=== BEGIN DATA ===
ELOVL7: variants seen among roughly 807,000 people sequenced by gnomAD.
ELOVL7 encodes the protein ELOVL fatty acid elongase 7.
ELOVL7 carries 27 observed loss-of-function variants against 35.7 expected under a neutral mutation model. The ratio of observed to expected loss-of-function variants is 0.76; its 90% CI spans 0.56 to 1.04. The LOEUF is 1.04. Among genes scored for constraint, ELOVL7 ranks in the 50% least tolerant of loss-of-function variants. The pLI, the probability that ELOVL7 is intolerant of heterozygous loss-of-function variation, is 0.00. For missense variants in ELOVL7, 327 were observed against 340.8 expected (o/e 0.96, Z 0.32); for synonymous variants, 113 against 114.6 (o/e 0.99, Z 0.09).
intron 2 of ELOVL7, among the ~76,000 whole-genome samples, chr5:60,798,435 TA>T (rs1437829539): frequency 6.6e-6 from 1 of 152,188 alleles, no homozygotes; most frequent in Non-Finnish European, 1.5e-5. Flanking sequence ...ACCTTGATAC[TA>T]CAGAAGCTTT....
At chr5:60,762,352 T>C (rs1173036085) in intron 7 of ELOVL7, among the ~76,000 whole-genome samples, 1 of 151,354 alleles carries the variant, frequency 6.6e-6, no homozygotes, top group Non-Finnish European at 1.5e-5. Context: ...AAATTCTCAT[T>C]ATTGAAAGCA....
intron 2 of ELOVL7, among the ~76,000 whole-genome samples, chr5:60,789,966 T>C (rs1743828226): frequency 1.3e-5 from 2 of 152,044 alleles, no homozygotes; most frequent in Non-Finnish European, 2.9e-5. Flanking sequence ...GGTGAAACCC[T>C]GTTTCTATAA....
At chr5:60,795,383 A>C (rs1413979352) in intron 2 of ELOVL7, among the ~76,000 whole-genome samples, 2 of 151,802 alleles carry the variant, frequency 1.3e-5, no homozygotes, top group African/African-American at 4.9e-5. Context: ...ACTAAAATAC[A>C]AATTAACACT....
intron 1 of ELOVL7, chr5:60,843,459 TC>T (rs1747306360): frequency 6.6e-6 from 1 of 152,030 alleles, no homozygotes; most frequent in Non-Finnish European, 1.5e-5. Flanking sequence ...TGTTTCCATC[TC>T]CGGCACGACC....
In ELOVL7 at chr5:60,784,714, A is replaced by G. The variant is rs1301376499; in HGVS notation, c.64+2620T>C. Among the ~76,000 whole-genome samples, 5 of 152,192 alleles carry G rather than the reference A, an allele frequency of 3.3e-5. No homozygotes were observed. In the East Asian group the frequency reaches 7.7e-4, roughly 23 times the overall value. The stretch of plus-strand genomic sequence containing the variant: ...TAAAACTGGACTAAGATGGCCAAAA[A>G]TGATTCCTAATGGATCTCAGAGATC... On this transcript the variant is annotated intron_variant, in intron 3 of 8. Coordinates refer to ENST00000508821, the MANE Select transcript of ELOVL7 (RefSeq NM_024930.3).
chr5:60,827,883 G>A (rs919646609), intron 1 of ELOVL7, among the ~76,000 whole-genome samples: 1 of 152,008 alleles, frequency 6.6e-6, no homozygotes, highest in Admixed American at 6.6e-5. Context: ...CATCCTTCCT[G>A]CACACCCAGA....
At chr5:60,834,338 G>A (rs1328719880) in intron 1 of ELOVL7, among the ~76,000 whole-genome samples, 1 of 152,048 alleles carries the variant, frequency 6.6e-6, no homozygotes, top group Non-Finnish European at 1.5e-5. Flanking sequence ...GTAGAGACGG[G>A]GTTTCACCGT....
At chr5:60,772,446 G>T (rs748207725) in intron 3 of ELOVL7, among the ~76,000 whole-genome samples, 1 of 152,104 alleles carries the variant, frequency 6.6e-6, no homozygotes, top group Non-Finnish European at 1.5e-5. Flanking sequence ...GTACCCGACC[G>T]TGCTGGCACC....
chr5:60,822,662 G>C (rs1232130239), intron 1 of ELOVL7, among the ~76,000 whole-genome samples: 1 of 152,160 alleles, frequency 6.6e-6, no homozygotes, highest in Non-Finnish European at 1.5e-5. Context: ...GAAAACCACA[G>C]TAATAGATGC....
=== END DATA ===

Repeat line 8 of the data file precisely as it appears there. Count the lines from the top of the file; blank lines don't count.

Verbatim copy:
intron 1 of ELOVL7, chr5:60,843,459 TC>T (rs1747306360): frequency 6.6e-6 from 1 of 152,030 alleles, no homozygotes; most frequent in Non-Finnish European, 1.5e-5. Flanking sequence ...TGTTTCCATC[TC>T]CGGCACGACC....